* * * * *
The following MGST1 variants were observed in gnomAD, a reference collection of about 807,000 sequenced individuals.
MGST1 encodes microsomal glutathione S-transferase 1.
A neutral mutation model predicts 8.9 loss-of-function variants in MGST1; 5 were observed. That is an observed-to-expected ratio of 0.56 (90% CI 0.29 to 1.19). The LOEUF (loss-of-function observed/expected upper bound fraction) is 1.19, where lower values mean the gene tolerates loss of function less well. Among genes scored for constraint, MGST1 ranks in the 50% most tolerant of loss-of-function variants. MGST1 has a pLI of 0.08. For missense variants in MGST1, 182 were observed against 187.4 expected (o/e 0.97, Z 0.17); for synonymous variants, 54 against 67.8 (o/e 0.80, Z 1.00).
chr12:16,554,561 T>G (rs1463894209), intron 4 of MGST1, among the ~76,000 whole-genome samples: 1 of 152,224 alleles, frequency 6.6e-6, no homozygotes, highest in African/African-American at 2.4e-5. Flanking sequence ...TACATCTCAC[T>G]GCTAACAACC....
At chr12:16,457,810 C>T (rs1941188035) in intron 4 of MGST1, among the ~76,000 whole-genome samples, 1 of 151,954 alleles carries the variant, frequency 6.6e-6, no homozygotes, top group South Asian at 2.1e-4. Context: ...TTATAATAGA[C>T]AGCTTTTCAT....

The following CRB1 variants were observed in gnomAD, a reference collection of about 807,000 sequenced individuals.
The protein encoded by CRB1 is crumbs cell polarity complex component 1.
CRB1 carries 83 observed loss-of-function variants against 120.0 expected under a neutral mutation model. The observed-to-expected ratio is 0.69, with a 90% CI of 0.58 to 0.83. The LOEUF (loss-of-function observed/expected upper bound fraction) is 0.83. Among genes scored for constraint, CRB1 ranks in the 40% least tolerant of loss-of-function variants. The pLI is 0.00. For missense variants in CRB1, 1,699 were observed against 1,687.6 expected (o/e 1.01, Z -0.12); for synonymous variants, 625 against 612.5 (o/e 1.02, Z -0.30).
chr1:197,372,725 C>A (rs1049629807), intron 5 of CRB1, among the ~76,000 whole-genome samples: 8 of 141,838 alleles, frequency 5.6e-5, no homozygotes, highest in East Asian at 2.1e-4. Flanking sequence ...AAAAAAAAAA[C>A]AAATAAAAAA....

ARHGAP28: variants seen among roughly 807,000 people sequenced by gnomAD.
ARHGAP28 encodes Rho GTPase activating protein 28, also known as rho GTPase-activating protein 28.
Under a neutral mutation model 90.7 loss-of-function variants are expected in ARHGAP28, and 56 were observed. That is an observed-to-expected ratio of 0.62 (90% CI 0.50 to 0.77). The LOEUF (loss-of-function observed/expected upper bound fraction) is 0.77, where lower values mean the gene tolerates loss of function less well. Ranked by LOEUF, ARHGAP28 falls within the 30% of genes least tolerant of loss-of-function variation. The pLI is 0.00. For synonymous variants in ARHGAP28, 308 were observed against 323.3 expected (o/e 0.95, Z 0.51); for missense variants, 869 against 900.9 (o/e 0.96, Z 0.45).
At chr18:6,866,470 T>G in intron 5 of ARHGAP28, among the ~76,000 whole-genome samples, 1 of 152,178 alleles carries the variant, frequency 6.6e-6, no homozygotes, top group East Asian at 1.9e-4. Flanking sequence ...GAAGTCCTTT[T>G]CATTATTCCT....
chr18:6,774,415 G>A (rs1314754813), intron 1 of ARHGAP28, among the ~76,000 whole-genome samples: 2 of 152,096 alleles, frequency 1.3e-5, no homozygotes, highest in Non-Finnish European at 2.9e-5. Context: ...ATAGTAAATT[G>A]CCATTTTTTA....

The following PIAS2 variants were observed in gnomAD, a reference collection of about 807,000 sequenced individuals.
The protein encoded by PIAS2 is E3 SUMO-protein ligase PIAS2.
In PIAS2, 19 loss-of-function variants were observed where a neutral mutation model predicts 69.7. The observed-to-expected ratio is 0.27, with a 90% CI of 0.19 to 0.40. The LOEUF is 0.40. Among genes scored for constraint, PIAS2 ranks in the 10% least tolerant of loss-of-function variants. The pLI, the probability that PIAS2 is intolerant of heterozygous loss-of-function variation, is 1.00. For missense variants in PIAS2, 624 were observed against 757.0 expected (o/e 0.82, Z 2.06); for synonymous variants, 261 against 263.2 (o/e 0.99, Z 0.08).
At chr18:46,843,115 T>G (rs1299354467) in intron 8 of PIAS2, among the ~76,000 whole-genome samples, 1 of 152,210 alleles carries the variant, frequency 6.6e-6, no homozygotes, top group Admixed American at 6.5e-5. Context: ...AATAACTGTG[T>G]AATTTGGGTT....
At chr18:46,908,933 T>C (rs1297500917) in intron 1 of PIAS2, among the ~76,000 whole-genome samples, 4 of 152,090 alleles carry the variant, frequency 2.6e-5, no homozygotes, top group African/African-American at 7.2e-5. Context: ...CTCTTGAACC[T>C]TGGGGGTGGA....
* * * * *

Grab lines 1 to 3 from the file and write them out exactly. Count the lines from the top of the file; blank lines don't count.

The following MGST1 variants were observed in gnomAD, a reference collection of about 807,000 sequenced individuals.
MGST1 encodes microsomal glutathione S-transferase 1.
A neutral mutation model predicts 8.9 loss-of-function variants in MGST1; 5 were observed. That is an observed-to-expected ratio of 0.56 (90% CI 0.29 to 1.19). The LOEUF (loss-of-function observed/expected upper bound fraction) is 1.19, where lower values mean the gene tolerates loss of function less well. Among genes scored for constraint, MGST1 ranks in the 50% most tolerant of loss-of-function variants. MGST1 has a pLI of 0.08. For missense variants in MGST1, 182 were observed against 187.4 expected (o/e 0.97, Z 0.17); for synonymous variants, 54 against 67.8 (o/e 0.80, Z 1.00).